I meet a lot of dads or soon to be dads who are very worried they don’t have what it takes to be a “good father” because their dad wasn’t one. They’re not sure how to start parenting differently from how they were parented. It’s not uncommon to feel stuck in a way of doing something because it’s the only way you’ve known, but wanting to make a change and being aware of an unwanted model is the first step.
Become Aware of Your “Normal”
When people talk about what feels natural it’s often what feels most comfortable or the norm for their experience. It doesn’t automatically mean it’s right or wrong, it’s just what you’re used to; it’s what you’ve known.
It’s like when you’re a kid and you spend your first night at a friend’s house. Wait, these people pray before dinner—we don’t? They do their homework with the radio on? They put the toothpaste on the toothbrush before they run it under water?
Suddenly these people are weird—they’re not doing it the right way!
We get more used to this by having a college roommate, living with four friends after school, and living with a partner. We learn that “normal” is very, very relative.
So when it comes time to be a father, you can begin to see how deeply ingrained those “normal’s” are. And if you’re parenting with a partner you have two sets of those.
Becoming aware of all of this gives you choices and allows you to begin parenting differently. You can see why your way really is the best/most efficient/least anxiety provoking, or you learn a way that you like better.
The first step, though, in not getting mired in one way, in your parent’s way, is to be aware that it really is one way of many.
Accepting the Whole of Who Your Parents Were
Many guys want to be just like their dad or the exact opposite of their dad when it comes to their parenting. Any of this kind of either/or extreme thinking is going to lead to inner (and outer) conflict. There’s a myth that in therapy you learn to hate your parents. That, too, is an extreme. If you are talking about your parents the goal is to have balance in understanding who your parents are so they’re not on a pedestal or in the dumpster. You accept whoever they are and not let that have a complete hold on you.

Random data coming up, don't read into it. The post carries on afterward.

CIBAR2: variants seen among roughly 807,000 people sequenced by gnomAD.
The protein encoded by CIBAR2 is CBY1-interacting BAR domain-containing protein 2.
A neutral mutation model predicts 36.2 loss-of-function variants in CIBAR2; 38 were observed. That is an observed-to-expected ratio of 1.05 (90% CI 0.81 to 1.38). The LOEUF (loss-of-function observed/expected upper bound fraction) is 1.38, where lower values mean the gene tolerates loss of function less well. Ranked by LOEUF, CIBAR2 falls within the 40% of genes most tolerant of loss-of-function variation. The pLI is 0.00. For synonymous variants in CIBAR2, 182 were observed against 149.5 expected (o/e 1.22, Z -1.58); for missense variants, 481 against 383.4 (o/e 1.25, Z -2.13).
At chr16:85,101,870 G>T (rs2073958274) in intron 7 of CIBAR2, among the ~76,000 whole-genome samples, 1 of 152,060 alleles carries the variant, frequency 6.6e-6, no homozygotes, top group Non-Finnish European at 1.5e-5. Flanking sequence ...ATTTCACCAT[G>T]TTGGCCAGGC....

A large portion of my clients are coming to me because they don’t want to parent the way their father did. That’s fine, but it doesn’t mean their father was a complete schmuck. He might have been, of course, but it’s still worth looking for the strengths in their dad as well.
Because when we get too focused on what we don’t want to do and what we didn’t like that our parents did, we may automatically do the opposite.
And that can lead to a negative outcome as well.
Be the Parent Your Child Needs
If you didn’t like how your father raised you, then parenting differently doesn’t automatically mean you’re parenting well. It not just a matter of parenting the way a particular guru says is the best way to provide discipline, it’s a matter of knowing your individual child and what he or she needs.
This is what’s so challenging because the best book, the most advanced research, the most informative blog post has never met your child. A parenting intervention that didn’t work for you may work for your child and vice versa. The challenge is to find what aligns with who you are while at the same time takes into consideration what works for who your child is.
Instead of getting stuck in parenting the way your father did, take some time to get to know yourself. Open yourself up to other methods as well, even if they seem not “normal” at first. Become a father who knows himself and his values well enough so that you can also take time to get to know your child as an individual. What motivates him or her? What kind of attention does she or he need?
If you’d like some individual help along your journey of parenting differently, please contact me for a free 15-minute phone consultation.
Justin Lioi, LCSW is a men’s mental health and relationship expert. He practices counseling in Brooklyn, NY (and online throughout New York State and internationally.) He received his degree from New York University and has been working with men and their families for over 10 years. Justin is on the Board of the National Association of Social Workers and writes a weekly column for the Good Men Project called Unmasking Masculinity. He can be found on local and national podcasts talking about assertiveness, anger, self-compassion, all with the goal of becoming the man you want to be.